A native of Hagerstown, Washington County, Md., Mr. CONFER was born December 29, 1823, and came with his father to Ohio in 1834, when a lad of ten years.  His early education was acquired in a log cabin schoolhouse, with puncheon floor, greased paper for window panes, and slab seats.  He was at an early age taught to make himself useful and remained the assistant of his father on the farm until the latter’s death.  He still remained there afterward until his marriage.  This most important event in his early manhood was celebrated December 29, 1857, the maiden of his choice being Miss Mary Jane, daughter of P. F. and Elizabeth (WOLF) COST.

The young people commenced their wedded life together on their own farm in a manner corresponding to their means and labored together with the mutual purpose of getting on in the world and acquiring a competence.  Their first dwelling was a log cabin which they occupied until 1866, and then Mr. Confer was enabled to put up a more modern residence, expending thereon about $5,000.  Subsequently, in 1876, he erected a large bank barn, 72x44 feet in dimensions, at a cost of about $2,000.  He has also another bank barn, 30x50 feet in dimensions, which cost him $800.  Numerous other structures on the premises indicate in a marked manner the enterprise of the proprietor.  These include a stone milk-house, a cider press, a corn-shed, also a straw-shed and all the other structures necessary for the shelter of stock and the storage of grain.

In addition to the improvements of his farm Mr. CONFER has invested considerable capital elsewhere, putting up a livery barn at Yellow Springs, costing $1,500, also the post-office building there, 32x22 feet in dimensions, costing $465, and a small stable, costing $200.  In 1864 he put up a house on the west part of his farm at a cost of $300.

Mr. CONFER is the offspring of an excellent family, being the son of George and Elizabeth (BOWMAN) CONFER, the former a native of France and the latter of Hagerstown, Md.  George CONFER emigrated to America with his father who settled in Maryland, coming in 1802 to Greene County, this State, and settling on the land now owned and occupied by his son, William G.  This land, two hundred acres in extent, he secured from the Government at $1.25 per acre.  His farm labors were at one time interrupted by his enlistment as a soldier in the War of 1812.  With the exception of this he followed agriculture all his life.  The parents were married in Hagerstown, Md., and after living in Ohio for a time they went back to Maryland and resided in that State until 1834.  That year they returned to Ohio where they spent the remainder of their days, the father dying in 1857, and the mother in 1870.  They were the parents of five children, four of whom are living, namely, George, Jr., Hannah, Elizabeth, the wife of Dick PARTINGTON who was a lawyer of Xenia; now deceased, leaving one child, a son, Edward; and William G., our subject.  Their parents were people highly respected in their community, living honestly and uprightly and leaving to their children the heritage of a good name.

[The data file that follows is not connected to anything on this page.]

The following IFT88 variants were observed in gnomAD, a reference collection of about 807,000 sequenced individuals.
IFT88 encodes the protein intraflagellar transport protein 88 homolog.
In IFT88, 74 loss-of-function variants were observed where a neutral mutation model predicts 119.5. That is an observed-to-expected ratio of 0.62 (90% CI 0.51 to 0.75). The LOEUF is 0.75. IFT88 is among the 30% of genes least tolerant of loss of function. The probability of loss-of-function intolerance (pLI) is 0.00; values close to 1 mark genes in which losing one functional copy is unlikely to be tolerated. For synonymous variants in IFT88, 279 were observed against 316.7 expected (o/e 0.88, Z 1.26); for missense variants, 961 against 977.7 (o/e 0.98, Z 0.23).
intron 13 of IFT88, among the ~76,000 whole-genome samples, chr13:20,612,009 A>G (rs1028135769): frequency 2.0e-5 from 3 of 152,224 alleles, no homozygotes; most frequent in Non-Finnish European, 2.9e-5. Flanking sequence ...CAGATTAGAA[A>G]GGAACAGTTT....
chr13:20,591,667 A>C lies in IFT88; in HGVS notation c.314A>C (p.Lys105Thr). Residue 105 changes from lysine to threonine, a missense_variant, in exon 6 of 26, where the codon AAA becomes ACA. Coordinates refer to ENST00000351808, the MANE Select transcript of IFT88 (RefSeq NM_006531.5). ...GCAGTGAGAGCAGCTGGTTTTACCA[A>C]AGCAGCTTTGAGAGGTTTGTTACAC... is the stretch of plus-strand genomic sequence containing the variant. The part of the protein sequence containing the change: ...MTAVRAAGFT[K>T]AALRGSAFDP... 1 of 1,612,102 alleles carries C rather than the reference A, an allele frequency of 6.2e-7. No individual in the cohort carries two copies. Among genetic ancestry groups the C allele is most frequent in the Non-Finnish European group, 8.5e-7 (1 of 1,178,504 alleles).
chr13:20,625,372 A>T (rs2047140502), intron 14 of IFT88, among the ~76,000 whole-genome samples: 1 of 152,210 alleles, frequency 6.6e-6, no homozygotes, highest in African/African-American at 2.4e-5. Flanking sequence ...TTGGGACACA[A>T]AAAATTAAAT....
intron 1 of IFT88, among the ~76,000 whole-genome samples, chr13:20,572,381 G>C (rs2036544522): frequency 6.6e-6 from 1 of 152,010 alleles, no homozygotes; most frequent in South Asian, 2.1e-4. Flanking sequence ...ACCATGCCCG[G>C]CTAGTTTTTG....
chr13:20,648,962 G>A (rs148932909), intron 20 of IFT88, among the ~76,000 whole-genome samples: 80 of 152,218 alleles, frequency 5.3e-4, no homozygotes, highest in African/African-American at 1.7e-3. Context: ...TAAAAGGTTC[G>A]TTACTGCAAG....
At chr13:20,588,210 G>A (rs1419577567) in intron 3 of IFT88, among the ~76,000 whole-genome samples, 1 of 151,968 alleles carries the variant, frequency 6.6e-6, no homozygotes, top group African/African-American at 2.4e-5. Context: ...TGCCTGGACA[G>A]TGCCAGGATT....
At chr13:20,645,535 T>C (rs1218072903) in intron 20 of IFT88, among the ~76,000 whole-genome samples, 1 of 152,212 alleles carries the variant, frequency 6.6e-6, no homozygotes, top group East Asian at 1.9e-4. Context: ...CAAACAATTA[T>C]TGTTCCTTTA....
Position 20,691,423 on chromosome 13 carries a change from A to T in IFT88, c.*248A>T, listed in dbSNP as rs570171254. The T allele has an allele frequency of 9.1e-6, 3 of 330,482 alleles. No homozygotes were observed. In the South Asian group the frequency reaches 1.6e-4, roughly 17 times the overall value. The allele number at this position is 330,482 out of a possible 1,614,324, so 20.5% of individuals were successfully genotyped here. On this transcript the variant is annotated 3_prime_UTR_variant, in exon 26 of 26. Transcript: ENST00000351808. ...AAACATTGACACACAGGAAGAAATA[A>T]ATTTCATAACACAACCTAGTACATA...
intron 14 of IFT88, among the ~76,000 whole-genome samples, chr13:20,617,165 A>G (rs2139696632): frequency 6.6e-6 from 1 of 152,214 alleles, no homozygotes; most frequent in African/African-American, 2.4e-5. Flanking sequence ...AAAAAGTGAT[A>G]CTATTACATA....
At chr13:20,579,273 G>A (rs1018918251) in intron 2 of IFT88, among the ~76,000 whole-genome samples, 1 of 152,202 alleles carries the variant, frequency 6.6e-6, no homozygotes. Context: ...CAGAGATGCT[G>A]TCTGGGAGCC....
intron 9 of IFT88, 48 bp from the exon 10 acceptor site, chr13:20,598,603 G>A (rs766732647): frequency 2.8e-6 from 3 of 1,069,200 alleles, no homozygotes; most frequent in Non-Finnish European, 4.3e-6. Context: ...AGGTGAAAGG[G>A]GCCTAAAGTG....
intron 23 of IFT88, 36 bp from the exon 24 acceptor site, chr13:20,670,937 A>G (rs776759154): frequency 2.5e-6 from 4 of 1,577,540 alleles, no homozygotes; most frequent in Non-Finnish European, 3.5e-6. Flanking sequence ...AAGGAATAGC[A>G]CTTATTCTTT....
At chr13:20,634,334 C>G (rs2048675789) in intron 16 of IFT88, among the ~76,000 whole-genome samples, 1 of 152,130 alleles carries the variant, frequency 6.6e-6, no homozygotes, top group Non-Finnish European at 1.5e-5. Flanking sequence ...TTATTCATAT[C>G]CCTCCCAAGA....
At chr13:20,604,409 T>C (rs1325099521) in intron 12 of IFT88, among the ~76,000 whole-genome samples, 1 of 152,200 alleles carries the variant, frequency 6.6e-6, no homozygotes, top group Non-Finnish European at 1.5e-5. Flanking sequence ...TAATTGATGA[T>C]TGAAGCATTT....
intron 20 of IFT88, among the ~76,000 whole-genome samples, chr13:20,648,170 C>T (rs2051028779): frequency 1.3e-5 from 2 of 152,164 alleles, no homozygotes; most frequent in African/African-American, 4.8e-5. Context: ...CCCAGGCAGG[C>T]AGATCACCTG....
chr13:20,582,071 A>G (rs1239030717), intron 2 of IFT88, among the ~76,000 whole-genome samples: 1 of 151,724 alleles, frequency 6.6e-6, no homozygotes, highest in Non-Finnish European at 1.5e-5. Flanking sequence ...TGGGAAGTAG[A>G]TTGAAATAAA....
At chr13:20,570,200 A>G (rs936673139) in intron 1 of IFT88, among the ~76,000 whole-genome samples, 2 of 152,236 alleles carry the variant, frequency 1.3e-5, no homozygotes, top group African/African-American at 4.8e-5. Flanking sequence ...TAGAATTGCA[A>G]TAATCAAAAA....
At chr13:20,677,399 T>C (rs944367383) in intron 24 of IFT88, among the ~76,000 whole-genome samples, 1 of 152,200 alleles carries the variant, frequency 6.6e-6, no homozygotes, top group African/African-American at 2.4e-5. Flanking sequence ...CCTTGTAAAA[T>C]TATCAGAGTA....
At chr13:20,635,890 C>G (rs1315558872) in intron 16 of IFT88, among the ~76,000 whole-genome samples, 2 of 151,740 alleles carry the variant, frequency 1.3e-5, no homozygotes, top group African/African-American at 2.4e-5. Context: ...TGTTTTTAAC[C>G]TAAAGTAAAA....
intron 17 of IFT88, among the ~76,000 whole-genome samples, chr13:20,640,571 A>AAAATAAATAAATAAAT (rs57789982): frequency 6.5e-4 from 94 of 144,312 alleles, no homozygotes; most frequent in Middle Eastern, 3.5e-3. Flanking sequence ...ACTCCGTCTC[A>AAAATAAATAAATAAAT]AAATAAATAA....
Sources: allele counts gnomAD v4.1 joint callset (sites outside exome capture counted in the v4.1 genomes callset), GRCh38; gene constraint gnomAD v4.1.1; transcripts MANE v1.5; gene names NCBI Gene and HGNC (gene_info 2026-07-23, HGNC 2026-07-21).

The parents of Mrs. CONFER removed from Maryland to Ohio at an early day, where the father operated a distillery and amassed a large fortune.  He is still living, being now eighty years of age and making his home in Osborn, this county.  The mother departed this life at the old home in 1878.  Of the six children born to them five are now living. Mr. and Mrs. CONFER are the parents four children, the eldest of whom, a son, George G., who became an expert telegraph operator, died in October, 1887, at the age of twenty- eight years; Eliza Jane is the wife of Jacob S. COSLER; they live at the home farm and have two children; John P. and Frank are also at home.  Mr. and Mrs. CONFER are members in good standing of the Reformed Presbyterian Church, in which Mr. CONFER has served as an Elder and Deacon since 1856.  He became identified with this church at the early age of fourteen years.  He takes an active interest in politics, affiliating with the Republican party, and for two years has been a member of the School Board of his district.  He has also served as Supervisor several terms.

The landed possessions of Mr. CONFER embrace three hundred and thirty-one acres of choice land, all under a good state of cultivation and with first-class improvements, including two residences.  His property in Yellow Springs is valued at $5,000.  He remembers many incidents of the early times.  From 1809 to 1812 his father hauled flour to Cincinnati, six barrels marking a load.  A barrel of salt cost what he would get for the six barrels of flour.  He saw the first ferry-boat plying from New Orleans to Cincinnati, when the trip occupied seventy-five days and it took seventy-five men to pull the boat up the river.


Portrait and Biographical Album of Clark and Greene Counties, Chapman Bros., Chicago, published 1890